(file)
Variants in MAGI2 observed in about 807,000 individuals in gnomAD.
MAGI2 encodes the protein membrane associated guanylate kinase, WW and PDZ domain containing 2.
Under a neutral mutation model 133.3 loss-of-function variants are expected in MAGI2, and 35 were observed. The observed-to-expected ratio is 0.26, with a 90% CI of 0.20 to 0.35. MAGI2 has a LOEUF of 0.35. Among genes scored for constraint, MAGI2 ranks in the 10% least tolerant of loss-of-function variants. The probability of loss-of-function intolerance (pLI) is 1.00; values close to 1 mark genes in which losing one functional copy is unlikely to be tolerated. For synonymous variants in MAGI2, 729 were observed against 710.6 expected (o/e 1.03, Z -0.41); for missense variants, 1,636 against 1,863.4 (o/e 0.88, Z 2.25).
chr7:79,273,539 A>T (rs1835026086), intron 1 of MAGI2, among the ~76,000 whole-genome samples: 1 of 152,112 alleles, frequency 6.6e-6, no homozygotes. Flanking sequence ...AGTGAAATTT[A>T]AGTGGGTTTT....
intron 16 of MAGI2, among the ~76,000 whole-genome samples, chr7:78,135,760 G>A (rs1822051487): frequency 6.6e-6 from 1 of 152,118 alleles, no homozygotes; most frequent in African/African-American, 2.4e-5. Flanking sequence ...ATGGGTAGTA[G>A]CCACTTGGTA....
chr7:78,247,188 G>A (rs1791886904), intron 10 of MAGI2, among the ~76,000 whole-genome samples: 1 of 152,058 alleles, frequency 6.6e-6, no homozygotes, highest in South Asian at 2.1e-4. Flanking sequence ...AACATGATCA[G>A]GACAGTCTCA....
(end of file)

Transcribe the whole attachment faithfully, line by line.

Variants in MAGI2 observed in about 807,000 individuals in gnomAD.
MAGI2 encodes the protein membrane associated guanylate kinase, WW and PDZ domain containing 2.
Under a neutral mutation model 133.3 loss-of-function variants are expected in MAGI2, and 35 were observed. The observed-to-expected ratio is 0.26, with a 90% CI of 0.20 to 0.35. MAGI2 has a LOEUF of 0.35. Among genes scored for constraint, MAGI2 ranks in the 10% least tolerant of loss-of-function variants. The probability of loss-of-function intolerance (pLI) is 1.00; values close to 1 mark genes in which losing one functional copy is unlikely to be tolerated. For synonymous variants in MAGI2, 729 were observed against 710.6 expected (o/e 1.03, Z -0.41); for missense variants, 1,636 against 1,863.4 (o/e 0.88, Z 2.25).
chr7:79,273,539 A>T (rs1835026086), intron 1 of MAGI2, among the ~76,000 whole-genome samples: 1 of 152,112 alleles, frequency 6.6e-6, no homozygotes. Flanking sequence ...AGTGAAATTT[A>T]AGTGGGTTTT....
intron 16 of MAGI2, among the ~76,000 whole-genome samples, chr7:78,135,760 G>A (rs1822051487): frequency 6.6e-6 from 1 of 152,118 alleles, no homozygotes; most frequent in African/African-American, 2.4e-5. Flanking sequence ...ATGGGTAGTA[G>A]CCACTTGGTA....
chr7:78,247,188 G>A (rs1791886904), intron 10 of MAGI2, among the ~76,000 whole-genome samples: 1 of 152,058 alleles, frequency 6.6e-6, no homozygotes, highest in South Asian at 2.1e-4. Flanking sequence ...AACATGATCA[G>A]GACAGTCTCA....